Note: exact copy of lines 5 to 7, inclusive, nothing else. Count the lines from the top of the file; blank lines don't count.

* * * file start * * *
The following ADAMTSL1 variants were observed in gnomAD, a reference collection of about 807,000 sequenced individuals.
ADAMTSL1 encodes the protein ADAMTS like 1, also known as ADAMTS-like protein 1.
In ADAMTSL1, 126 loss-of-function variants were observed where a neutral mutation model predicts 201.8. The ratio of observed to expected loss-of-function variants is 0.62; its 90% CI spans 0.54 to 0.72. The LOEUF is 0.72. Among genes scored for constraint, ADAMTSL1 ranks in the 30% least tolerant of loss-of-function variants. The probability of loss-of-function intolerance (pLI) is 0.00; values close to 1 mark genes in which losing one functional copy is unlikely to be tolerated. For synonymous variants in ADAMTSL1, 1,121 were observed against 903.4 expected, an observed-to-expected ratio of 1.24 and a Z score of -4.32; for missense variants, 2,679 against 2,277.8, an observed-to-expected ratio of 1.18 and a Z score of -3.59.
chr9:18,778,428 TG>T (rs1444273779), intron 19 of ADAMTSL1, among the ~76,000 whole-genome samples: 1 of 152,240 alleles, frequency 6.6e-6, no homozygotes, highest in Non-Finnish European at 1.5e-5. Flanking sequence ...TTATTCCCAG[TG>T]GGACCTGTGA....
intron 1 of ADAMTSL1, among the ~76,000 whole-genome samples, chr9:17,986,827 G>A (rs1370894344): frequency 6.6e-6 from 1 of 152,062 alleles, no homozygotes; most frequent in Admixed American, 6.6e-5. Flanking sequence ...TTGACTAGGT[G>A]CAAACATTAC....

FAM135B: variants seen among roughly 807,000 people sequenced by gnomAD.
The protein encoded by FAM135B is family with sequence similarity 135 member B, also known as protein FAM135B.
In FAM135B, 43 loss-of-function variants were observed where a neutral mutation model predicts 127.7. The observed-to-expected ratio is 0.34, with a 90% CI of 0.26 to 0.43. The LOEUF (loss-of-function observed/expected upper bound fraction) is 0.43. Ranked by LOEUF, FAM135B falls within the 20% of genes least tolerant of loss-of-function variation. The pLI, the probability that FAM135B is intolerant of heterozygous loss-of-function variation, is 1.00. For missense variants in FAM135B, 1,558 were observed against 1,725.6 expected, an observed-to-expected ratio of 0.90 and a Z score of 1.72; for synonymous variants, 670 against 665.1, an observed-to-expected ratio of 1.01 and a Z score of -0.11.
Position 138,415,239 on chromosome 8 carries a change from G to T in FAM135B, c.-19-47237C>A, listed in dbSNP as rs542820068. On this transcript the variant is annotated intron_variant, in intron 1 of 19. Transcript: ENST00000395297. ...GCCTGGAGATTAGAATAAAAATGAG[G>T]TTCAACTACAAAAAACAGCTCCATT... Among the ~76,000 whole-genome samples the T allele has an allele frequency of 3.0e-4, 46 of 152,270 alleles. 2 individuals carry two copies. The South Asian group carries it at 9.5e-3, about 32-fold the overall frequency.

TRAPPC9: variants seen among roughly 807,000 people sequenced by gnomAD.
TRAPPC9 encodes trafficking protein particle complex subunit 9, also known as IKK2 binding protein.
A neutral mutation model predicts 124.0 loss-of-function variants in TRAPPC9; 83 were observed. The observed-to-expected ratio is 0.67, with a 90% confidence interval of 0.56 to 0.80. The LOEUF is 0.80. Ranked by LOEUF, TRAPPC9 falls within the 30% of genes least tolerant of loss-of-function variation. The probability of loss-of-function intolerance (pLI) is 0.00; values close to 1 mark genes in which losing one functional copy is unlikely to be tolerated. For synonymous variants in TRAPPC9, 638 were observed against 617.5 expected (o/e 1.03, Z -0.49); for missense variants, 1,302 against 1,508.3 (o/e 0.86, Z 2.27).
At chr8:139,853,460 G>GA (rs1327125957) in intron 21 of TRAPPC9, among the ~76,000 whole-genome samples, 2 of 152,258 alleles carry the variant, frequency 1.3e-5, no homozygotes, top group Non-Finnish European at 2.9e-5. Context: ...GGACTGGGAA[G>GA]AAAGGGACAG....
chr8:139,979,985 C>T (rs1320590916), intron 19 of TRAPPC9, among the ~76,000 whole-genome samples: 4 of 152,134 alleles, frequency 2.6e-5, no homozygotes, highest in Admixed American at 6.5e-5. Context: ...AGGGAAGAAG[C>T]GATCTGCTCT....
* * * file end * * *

intron 1 of ADAMTSL1, among the ~76,000 whole-genome samples, chr9:17,986,827 G>A (rs1370894344): frequency 6.6e-6 from 1 of 152,062 alleles, no homozygotes; most frequent in Admixed American, 6.6e-5. Flanking sequence ...TTGACTAGGT[G>A]CAAACATTAC....

FAM135B: variants seen among roughly 807,000 people sequenced by gnomAD.
The protein encoded by FAM135B is family with sequence similarity 135 member B, also known as protein FAM135B.